We went to the private island of the Niarchos family, the wealthy Greek shipowners, where we saw a small ocean liner called the Atlantis II. It is the world's largest private yacht (the British royal family's Britannia is slightly bigger), 385 feet long, manned by a crew of 30, equipped with a swimming pool, sauna, gym, helicopter pad and 15 staterooms decorated with paintings by the likes of Dali. It seemed appropriate to name it after a continent.

"I'm a pauper compared to your father," Taki said to Niarchos' son, Phillip. "I always say that he can't read or write, but he can count to 2 billion."

Phillip did not disagree. But he did make a confession. "You'd be surprised about the boat. When you go cruising with 15 guests, you actually start feeling claustrophobic."

We learned a new word in Greece; philoxenia, the love of foreigners, a crucial addition to any moocher's vocabulary. Taki said it was a national trait and used it to explain the remarkable hospitality we encountered everywhere. Our first night in Athens we went to dinner at the house of a stranger who insisted we spend night there, even though Taki already had put us up in a free room at his family's enormous hotel. Later we went to another stranger's home who not only invited us for the night, he left the house to make room for us.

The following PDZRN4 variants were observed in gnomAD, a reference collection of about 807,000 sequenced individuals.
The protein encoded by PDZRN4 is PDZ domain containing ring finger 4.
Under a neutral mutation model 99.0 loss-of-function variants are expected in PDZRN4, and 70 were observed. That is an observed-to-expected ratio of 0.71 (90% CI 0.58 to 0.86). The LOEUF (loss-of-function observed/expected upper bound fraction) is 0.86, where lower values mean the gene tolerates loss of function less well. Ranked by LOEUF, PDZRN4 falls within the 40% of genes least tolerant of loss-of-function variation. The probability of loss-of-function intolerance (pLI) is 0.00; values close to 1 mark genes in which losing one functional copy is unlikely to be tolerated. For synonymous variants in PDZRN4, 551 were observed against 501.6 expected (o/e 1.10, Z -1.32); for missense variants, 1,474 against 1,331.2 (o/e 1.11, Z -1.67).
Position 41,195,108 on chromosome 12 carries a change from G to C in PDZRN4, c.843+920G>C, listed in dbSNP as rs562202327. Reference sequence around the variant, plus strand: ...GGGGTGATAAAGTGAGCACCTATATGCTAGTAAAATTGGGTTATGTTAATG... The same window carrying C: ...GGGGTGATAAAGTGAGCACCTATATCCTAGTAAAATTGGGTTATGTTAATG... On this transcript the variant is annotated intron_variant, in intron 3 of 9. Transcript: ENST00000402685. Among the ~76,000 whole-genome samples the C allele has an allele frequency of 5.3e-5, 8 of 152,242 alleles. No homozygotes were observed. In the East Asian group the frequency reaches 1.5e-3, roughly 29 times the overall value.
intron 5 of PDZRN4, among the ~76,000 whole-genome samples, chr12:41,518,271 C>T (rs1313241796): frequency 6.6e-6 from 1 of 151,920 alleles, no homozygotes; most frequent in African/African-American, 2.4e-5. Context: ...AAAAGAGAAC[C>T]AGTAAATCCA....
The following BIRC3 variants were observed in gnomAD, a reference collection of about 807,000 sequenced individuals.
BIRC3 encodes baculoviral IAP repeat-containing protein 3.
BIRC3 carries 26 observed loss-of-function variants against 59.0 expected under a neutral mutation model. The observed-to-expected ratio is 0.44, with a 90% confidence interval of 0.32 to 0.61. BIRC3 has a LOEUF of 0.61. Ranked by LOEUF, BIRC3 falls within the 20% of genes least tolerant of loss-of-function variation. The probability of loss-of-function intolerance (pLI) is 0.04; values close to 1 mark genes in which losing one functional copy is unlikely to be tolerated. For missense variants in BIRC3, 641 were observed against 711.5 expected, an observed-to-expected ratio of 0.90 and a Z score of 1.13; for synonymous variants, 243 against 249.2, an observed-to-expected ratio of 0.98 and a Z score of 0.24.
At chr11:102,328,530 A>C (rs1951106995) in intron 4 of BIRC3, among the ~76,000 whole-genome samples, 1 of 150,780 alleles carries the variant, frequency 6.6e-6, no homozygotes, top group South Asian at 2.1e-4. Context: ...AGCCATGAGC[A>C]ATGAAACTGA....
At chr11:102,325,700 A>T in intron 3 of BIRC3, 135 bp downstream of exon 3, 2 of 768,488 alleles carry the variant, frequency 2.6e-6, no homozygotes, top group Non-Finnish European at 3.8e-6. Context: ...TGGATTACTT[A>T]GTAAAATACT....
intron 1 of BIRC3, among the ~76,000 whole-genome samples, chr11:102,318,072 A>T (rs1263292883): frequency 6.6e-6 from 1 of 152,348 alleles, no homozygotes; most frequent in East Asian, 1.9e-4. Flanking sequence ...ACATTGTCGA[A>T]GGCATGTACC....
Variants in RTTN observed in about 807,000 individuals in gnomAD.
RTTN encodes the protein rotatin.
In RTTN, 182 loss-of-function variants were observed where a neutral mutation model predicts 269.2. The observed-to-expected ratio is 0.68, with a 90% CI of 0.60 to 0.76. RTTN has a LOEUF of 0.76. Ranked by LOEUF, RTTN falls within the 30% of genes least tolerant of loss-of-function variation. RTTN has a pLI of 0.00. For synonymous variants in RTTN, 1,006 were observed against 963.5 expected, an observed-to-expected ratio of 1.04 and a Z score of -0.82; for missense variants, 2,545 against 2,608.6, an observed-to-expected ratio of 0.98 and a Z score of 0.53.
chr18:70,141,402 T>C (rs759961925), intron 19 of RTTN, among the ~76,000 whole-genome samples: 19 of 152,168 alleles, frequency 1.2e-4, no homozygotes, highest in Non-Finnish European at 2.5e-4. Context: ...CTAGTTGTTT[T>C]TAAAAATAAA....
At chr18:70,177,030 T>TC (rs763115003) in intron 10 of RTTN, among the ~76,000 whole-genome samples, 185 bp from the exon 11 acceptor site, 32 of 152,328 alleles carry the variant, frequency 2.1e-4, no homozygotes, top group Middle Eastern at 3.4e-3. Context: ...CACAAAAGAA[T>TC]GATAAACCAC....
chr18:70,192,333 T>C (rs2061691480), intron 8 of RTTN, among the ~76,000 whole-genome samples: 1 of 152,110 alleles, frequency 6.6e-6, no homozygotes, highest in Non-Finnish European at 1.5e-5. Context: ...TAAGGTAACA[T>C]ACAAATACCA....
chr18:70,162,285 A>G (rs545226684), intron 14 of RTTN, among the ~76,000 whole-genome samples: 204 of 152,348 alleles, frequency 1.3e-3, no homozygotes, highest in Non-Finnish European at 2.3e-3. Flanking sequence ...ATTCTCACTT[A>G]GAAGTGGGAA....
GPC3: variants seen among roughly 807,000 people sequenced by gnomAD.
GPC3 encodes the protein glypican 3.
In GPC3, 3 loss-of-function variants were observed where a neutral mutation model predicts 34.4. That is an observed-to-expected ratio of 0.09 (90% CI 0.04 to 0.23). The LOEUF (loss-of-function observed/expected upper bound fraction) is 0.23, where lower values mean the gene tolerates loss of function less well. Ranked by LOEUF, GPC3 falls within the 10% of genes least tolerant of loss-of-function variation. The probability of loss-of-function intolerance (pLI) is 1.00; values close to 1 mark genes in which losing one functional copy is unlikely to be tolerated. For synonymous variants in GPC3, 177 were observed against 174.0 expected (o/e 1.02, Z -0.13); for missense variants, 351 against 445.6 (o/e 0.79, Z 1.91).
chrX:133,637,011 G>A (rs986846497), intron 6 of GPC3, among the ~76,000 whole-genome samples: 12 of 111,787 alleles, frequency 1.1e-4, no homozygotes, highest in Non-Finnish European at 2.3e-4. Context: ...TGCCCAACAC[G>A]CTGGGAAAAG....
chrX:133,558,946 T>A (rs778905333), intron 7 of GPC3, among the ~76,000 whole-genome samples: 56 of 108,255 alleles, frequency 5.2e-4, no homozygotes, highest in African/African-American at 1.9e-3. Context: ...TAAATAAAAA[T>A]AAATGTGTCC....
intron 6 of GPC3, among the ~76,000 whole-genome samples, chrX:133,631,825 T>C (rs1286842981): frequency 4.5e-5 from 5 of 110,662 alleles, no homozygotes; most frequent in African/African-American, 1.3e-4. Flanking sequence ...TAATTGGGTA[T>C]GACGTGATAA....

It was at this point that we realized Greece was more than the Cradle of Civilization. It was Moochers' Mecca. There was no point in searching further. We could now go home.

On one of our last nights in Athens, Taki took us to see the finale of the European Games, the marathon race, in the stadium where the first modern Olympic games were held in the 1890s. It was a beautiful evening. We could see the Acropolis in the distance, set against a fiery orange sky. The crowd roared as each runner entered the stadium to finish the race, and we found ourselves musing about our journey -- a little more comfortable than theirs, admittedly -- and its approaching end.

We did not regret going home. Two months is a long time, and in most ways we were looking forward to seeing Washington again. What we did regret, though, was the idea that it was over. A Grand Tour could happen only once. Each time we met and remembered the trip, it would flicker brightly for us, then fade, a bit further each time, into the irretrievable past, until what remained in the end would yield mostly sadness at the thought it would never the same again. We would soon turn 30. Adult responsibilities lurked somewhere up ahead -- marriage, houses, children, along with many, many bills to pay.